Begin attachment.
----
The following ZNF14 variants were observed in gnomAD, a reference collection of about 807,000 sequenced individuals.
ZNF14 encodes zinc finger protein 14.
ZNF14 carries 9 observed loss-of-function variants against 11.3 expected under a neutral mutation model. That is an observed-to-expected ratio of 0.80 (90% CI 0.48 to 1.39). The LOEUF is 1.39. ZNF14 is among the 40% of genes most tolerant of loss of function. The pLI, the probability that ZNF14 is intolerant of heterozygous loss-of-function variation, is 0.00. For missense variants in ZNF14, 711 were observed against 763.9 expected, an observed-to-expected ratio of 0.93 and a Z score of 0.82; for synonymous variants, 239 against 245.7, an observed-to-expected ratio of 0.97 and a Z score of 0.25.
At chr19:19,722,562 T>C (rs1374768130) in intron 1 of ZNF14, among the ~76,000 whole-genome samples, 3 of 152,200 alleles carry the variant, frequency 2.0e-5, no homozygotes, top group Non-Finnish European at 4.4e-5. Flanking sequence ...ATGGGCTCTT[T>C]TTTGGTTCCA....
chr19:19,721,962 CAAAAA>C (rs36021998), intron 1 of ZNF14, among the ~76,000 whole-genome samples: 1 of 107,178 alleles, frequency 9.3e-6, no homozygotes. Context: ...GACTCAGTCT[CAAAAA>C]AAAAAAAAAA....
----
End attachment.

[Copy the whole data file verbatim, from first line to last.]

The following ZNF14 variants were observed in gnomAD, a reference collection of about 807,000 sequenced individuals.
ZNF14 encodes zinc finger protein 14.
ZNF14 carries 9 observed loss-of-function variants against 11.3 expected under a neutral mutation model. That is an observed-to-expected ratio of 0.80 (90% CI 0.48 to 1.39). The LOEUF is 1.39. ZNF14 is among the 40% of genes most tolerant of loss of function. The pLI, the probability that ZNF14 is intolerant of heterozygous loss-of-function variation, is 0.00. For missense variants in ZNF14, 711 were observed against 763.9 expected, an observed-to-expected ratio of 0.93 and a Z score of 0.82; for synonymous variants, 239 against 245.7, an observed-to-expected ratio of 0.97 and a Z score of 0.25.
At chr19:19,722,562 T>C (rs1374768130) in intron 1 of ZNF14, among the ~76,000 whole-genome samples, 3 of 152,200 alleles carry the variant, frequency 2.0e-5, no homozygotes, top group Non-Finnish European at 4.4e-5. Flanking sequence ...ATGGGCTCTT[T>C]TTTGGTTCCA....
chr19:19,721,962 CAAAAA>C (rs36021998), intron 1 of ZNF14, among the ~76,000 whole-genome samples: 1 of 107,178 alleles, frequency 9.3e-6, no homozygotes. Context: ...GACTCAGTCT[CAAAAA>C]AAAAAAAAAA....